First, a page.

• avoid euphemisms (sounds better than what it is)
  • avoid discriminatory language

5-stage adoption process:

  1. awareness
  2. interest
  3. evaluation
  4. trail
  5. adoption

5 factors that affect the adoption process:

  1. relative advantage
  2. compatibility
  3. complexity
  4. trialability
  5. observability

Chapter 5 notes from Public Relations Strategies and Tactics & also my own notes from my Intro to PR class!

Effective PR is a process & the first step in that process is Research.

Defining the Research Role:
– What is the problem?
– What kind of information is needed?
– How will the results of the research be used?
– What specific public(s) should be researched?
– Should the organization do the research in-house or hire an outside consultant?
– How will the research data be analyzed, reported, or applied?
– How soon will the results be needed?
– How much will the research cost?

PR Professionals use research in the following ways:

  1. To achieve credibility with management
  2. To define audiences and segment publics
  3. To formulate strategy
  4. To test messages
  5. To help management keep in touch
  6. To prevent crises
  7. To monitor the competition
  8. To sway public opinion
  9. To generate publicity
  10. To measure success

Research Techniques:

  1. Secondary research – uses existing information in books, magazine articles, electronic databases, etc.
  2. Qualitative research – includes:
  • content analysis
  • interviews
  • focus groups
  • copy testing
  • ethnographic techniques

       3. Quantitative research – PR professionals conduct polls and surveys using highly precise scientific sampling methods

Chapter 4 notes from Public Relations Strategies and Tactics for my Intro to PR class

Importance of organizational structure:
Having influence in the company based on 4 factors..
1. perception of value by top management
2. practitioners taking on the managerial role
3. reporting to the CEO
4. years of professional experience

Names of Departments:
a PR department goes by many names, most often it isn’t “public relations”. Terms like “corporate communications” or “communications” outnumber “public relations”. Other names used to PR departments include: corporate relations, marketing and corporate affairs, investor relations, public affairs, marketing communications, community relations, & external affairs.

Public Relations firms provide a variety of services, such as:
– Marketing communications (involves promotion of products and services through such tools as news releases, feature stories, special events, brochures, etc.)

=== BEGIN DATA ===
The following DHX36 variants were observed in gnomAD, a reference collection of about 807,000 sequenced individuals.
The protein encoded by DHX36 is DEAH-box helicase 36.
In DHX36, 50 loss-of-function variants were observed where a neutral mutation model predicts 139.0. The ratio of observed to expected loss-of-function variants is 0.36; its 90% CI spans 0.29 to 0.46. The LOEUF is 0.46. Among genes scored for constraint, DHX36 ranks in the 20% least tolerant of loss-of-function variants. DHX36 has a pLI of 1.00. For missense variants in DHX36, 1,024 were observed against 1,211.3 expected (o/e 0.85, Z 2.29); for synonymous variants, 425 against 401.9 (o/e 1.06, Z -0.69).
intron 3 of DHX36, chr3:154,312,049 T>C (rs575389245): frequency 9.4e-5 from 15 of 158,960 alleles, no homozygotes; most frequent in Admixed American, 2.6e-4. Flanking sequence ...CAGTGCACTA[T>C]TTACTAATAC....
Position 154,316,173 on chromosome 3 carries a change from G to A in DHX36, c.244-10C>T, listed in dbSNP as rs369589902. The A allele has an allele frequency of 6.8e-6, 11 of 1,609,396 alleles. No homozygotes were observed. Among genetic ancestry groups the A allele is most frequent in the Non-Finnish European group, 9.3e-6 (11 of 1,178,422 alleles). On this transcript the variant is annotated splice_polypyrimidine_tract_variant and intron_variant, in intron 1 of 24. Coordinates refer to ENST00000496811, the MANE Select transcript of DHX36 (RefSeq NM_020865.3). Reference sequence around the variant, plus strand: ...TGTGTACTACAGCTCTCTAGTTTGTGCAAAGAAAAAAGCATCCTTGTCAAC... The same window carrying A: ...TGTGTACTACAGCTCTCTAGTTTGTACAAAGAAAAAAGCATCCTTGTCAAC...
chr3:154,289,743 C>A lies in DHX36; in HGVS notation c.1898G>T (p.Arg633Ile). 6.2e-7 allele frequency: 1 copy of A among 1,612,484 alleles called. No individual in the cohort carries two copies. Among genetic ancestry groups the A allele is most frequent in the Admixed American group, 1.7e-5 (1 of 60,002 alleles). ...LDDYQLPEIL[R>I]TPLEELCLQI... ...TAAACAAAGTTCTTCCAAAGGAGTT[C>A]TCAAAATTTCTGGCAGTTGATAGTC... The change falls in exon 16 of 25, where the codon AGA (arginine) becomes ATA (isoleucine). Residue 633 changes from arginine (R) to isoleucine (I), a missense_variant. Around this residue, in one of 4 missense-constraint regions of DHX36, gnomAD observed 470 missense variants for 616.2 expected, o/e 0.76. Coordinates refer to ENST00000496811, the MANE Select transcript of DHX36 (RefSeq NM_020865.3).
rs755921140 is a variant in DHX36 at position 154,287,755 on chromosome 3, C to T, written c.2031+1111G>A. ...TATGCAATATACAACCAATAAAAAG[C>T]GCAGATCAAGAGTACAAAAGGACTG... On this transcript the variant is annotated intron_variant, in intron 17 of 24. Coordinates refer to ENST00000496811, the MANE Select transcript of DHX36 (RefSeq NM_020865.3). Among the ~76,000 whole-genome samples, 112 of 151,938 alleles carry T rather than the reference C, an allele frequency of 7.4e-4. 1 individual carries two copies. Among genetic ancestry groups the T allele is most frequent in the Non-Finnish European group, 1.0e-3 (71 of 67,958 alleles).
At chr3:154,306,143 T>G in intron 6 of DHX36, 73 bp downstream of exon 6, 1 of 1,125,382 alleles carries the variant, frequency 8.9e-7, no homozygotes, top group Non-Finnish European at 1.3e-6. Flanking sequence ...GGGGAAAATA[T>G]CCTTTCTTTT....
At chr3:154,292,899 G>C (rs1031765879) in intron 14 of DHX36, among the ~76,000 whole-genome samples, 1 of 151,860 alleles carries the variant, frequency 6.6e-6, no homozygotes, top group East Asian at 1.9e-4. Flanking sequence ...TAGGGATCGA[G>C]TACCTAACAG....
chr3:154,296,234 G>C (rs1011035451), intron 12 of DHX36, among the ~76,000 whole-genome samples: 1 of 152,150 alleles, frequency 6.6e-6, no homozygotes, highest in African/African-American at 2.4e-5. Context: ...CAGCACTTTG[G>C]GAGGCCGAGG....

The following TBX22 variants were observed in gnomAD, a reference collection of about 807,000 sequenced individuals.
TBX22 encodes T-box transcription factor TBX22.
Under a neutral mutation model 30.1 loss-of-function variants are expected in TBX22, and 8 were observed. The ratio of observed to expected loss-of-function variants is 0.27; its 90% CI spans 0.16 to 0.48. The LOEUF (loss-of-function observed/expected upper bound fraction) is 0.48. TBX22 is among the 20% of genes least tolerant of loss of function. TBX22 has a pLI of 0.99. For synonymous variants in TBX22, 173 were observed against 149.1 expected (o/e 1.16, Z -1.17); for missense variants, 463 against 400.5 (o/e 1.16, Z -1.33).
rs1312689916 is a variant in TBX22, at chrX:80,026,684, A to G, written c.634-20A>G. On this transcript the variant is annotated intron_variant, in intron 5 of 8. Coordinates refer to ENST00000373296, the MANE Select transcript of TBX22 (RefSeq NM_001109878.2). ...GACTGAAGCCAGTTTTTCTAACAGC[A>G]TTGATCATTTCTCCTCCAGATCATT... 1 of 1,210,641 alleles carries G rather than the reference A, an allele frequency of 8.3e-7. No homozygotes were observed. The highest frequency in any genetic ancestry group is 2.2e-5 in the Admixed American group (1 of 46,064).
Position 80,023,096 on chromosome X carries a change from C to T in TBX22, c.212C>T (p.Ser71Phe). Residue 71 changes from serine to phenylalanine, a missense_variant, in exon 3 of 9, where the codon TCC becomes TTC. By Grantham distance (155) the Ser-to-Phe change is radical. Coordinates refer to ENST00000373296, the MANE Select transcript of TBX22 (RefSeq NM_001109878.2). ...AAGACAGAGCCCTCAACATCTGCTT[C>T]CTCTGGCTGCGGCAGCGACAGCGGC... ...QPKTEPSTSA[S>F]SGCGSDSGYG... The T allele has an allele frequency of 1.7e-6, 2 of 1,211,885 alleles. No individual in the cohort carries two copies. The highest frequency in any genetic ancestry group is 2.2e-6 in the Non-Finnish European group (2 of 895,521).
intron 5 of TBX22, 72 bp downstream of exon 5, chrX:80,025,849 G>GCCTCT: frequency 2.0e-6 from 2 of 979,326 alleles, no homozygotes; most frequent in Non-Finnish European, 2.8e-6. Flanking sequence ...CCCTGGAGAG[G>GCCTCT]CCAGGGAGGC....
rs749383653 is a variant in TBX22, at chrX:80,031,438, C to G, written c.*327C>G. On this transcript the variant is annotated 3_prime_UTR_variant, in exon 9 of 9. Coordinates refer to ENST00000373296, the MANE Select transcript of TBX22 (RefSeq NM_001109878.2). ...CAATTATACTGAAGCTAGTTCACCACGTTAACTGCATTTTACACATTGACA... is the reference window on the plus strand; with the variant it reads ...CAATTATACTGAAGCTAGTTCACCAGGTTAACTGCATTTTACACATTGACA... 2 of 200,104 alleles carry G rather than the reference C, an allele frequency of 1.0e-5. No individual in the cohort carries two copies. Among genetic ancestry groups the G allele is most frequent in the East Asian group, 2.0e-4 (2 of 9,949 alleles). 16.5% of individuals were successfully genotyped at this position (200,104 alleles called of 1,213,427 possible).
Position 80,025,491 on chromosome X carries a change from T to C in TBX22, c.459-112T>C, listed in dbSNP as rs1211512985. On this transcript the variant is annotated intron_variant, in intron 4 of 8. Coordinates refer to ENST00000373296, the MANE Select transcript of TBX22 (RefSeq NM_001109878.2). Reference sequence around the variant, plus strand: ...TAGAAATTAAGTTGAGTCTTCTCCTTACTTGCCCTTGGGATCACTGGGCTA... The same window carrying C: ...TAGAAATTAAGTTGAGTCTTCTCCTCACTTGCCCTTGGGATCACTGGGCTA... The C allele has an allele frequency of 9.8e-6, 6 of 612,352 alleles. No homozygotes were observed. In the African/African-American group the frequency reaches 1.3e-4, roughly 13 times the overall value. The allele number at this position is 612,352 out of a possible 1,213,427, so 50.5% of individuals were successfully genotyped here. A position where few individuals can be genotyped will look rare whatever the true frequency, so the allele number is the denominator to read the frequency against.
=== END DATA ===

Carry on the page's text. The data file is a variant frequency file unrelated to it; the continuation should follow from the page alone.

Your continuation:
– Executive speech training (top executives are coached on public affairs activities)
– Research & evaluation (scientific surveys are conducted to measure public attitudes and perceptions)
– Crisis Communication (management is counseled on what to say and do in an emergency such as an oil spill or a recall of an unsafe product)
– Media analysis (appropriate are examined for targeting specific messages to key audiences)
– Community relations (management is counseled on ways to achieve official and public support for such projects as building or expanding a factory)
– Events management (news conferences, anniversary celebrations, rallies, symposiums, and national conferences are planned and conducted)
– Public affairs (materials and testimony are prepared for government hearing and regulatory bodies, and background briefings are prepared)
– Branding and corporate reputation (advice is given on programs that establish a company brand and its reputation for quality)
– Financial relations (management is counseled on ways to avoid takeover by another firm and effectively communicate with stockholders, security analysts, and institutional investors)

Advantages of PR firms:
– objectivity
– a variety of skills and expertise
– extensive resources
– international jobs
– offices throughout the country
– special problem-solving skills
– credibility

Disadvantages of PR firms:
– superficial grasp of a client’s unique problems
– lack of full-time commitment
– need for prolonged briefing period
– resentment by internal staff
– need for strong direction by top management
– need for full information and confidence
– costs

Fees & Charges:
The 3 most common methods a pr firm charges:
1. Basic hourly fee, plus out-of-pocket expenses. (Commonly used by attorneys, accounting firms, and management consultants)
2. Retainer fee. (Basic monthly charge billed to the client….the # of hours the firm will spend on an account each month. out-of-pocket expenses are billed separately)
3. Fixed project fee. (PR firms will agree to a specific project like an annual report, newsletter, or special event for a fixed fee. Least popular among PR firms because it is difficult to predict all work & expenses in advance)